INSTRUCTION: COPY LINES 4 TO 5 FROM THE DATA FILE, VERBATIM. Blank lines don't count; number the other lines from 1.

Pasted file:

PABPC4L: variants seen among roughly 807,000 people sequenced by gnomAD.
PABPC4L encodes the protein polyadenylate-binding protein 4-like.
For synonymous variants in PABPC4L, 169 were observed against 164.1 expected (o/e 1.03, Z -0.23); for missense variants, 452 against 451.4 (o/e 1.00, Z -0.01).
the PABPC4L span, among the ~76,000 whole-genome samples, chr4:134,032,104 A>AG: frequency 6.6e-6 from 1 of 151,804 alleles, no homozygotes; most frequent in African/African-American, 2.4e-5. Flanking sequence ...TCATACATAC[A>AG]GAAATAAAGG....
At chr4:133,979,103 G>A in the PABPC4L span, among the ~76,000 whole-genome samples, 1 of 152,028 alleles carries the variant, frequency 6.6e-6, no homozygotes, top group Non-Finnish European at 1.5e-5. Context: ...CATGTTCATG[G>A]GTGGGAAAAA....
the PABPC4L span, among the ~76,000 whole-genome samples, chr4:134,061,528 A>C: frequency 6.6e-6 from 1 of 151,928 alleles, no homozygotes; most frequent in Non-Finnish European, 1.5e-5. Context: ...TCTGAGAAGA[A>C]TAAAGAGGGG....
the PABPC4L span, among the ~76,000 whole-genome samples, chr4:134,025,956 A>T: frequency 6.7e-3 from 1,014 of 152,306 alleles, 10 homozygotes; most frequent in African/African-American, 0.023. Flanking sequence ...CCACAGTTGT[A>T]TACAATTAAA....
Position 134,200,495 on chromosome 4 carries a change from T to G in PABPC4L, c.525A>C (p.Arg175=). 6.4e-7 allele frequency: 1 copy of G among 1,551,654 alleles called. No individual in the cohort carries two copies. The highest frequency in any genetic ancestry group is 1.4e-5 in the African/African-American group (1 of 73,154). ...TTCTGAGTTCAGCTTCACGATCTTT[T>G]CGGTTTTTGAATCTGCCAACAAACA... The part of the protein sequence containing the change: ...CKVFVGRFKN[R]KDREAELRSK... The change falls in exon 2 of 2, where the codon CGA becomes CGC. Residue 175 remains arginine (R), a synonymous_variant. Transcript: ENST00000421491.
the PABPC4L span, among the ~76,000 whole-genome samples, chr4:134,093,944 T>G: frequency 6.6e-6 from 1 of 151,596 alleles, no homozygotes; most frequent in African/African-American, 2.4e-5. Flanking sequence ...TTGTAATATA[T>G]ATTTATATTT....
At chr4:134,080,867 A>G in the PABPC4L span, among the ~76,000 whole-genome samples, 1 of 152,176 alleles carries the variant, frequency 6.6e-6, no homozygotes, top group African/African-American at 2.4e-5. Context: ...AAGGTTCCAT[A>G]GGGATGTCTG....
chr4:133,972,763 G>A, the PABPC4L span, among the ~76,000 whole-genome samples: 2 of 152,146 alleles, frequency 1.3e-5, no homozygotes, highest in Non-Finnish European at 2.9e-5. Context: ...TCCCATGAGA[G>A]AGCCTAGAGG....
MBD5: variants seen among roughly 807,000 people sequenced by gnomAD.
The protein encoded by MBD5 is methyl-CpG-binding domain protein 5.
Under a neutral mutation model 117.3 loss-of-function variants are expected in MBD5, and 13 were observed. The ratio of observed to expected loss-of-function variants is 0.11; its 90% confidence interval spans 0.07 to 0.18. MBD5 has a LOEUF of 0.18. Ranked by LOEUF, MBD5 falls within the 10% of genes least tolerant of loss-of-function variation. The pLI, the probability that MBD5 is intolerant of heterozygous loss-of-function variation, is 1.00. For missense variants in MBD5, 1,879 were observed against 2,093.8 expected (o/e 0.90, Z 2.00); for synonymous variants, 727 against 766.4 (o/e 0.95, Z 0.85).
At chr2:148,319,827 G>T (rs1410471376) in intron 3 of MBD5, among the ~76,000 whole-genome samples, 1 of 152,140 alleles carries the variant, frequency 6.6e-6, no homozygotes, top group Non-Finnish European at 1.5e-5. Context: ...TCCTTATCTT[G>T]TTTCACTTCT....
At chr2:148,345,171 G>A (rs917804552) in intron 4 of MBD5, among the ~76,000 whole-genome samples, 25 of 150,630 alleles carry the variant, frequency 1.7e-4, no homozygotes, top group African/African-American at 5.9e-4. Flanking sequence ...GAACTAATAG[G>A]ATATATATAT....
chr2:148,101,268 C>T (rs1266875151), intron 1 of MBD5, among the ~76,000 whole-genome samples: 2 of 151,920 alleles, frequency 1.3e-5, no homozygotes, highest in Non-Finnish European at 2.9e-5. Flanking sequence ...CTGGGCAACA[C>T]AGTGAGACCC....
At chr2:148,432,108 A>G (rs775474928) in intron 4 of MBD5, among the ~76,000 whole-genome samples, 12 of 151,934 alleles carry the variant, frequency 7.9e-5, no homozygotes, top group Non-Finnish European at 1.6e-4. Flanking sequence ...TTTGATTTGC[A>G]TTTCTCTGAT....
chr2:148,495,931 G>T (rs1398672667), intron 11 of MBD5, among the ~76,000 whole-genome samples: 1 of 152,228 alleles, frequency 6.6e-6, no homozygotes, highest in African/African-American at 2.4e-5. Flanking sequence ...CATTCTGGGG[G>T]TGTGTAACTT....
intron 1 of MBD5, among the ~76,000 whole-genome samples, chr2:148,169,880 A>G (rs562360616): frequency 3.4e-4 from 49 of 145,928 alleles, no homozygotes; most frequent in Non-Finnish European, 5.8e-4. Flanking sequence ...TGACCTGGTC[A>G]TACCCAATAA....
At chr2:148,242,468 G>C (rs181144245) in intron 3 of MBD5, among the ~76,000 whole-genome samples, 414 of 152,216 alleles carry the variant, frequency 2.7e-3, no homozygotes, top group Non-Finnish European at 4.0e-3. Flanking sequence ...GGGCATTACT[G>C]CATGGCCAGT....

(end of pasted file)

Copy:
the PABPC4L span, among the ~76,000 whole-genome samples, chr4:134,032,104 A>AG: frequency 6.6e-6 from 1 of 151,804 alleles, no homozygotes; most frequent in African/African-American, 2.4e-5. Flanking sequence ...TCATACATAC[A>AG]GAAATAAAGG....
At chr4:133,979,103 G>A in the PABPC4L span, among the ~76,000 whole-genome samples, 1 of 152,028 alleles carries the variant, frequency 6.6e-6, no homozygotes, top group Non-Finnish European at 1.5e-5. Context: ...CATGTTCATG[G>A]GTGGGAAAAA....